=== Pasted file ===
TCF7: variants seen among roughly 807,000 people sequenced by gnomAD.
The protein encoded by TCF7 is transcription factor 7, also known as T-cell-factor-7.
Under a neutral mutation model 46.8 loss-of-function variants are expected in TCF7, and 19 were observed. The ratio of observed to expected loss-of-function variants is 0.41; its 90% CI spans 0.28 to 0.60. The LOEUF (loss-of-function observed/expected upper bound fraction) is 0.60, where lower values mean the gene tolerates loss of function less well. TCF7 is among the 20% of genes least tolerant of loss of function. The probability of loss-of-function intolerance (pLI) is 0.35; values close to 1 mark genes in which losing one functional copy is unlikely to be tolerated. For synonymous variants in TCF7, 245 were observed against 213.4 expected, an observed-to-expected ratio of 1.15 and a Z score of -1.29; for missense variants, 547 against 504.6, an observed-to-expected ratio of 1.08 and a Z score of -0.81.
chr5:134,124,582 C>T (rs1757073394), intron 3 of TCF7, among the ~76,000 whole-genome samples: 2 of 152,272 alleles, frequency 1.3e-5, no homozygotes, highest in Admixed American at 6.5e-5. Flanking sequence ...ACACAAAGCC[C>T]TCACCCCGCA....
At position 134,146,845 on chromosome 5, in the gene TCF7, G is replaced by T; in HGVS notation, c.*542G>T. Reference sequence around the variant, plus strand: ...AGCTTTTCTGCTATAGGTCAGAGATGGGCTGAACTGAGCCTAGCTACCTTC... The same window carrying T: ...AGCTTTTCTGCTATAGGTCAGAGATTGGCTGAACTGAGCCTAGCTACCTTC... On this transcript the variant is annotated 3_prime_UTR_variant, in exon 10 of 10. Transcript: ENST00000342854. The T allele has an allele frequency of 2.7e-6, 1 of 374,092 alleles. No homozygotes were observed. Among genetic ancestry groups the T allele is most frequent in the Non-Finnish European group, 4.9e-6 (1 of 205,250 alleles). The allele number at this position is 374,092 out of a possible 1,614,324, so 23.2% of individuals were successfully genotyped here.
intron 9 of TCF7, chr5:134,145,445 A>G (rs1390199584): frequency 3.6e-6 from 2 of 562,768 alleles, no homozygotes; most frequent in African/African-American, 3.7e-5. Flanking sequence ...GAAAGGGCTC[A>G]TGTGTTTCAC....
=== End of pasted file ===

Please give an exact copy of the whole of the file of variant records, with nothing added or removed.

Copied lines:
TCF7: variants seen among roughly 807,000 people sequenced by gnomAD.
The protein encoded by TCF7 is transcription factor 7, also known as T-cell-factor-7.
Under a neutral mutation model 46.8 loss-of-function variants are expected in TCF7, and 19 were observed. The ratio of observed to expected loss-of-function variants is 0.41; its 90% CI spans 0.28 to 0.60. The LOEUF (loss-of-function observed/expected upper bound fraction) is 0.60, where lower values mean the gene tolerates loss of function less well. TCF7 is among the 20% of genes least tolerant of loss of function. The probability of loss-of-function intolerance (pLI) is 0.35; values close to 1 mark genes in which losing one functional copy is unlikely to be tolerated. For synonymous variants in TCF7, 245 were observed against 213.4 expected, an observed-to-expected ratio of 1.15 and a Z score of -1.29; for missense variants, 547 against 504.6, an observed-to-expected ratio of 1.08 and a Z score of -0.81.
chr5:134,124,582 C>T (rs1757073394), intron 3 of TCF7, among the ~76,000 whole-genome samples: 2 of 152,272 alleles, frequency 1.3e-5, no homozygotes, highest in Admixed American at 6.5e-5. Flanking sequence ...ACACAAAGCC[C>T]TCACCCCGCA....
At position 134,146,845 on chromosome 5, in the gene TCF7, G is replaced by T; in HGVS notation, c.*542G>T. Reference sequence around the variant, plus strand: ...AGCTTTTCTGCTATAGGTCAGAGATGGGCTGAACTGAGCCTAGCTACCTTC... The same window carrying T: ...AGCTTTTCTGCTATAGGTCAGAGATTGGCTGAACTGAGCCTAGCTACCTTC... On this transcript the variant is annotated 3_prime_UTR_variant, in exon 10 of 10. Transcript: ENST00000342854. The T allele has an allele frequency of 2.7e-6, 1 of 374,092 alleles. No homozygotes were observed. Among genetic ancestry groups the T allele is most frequent in the Non-Finnish European group, 4.9e-6 (1 of 205,250 alleles). The allele number at this position is 374,092 out of a possible 1,614,324, so 23.2% of individuals were successfully genotyped here.
intron 9 of TCF7, chr5:134,145,445 A>G (rs1390199584): frequency 3.6e-6 from 2 of 562,768 alleles, no homozygotes; most frequent in African/African-American, 3.7e-5. Flanking sequence ...GAAAGGGCTC[A>G]TGTGTTTCAC....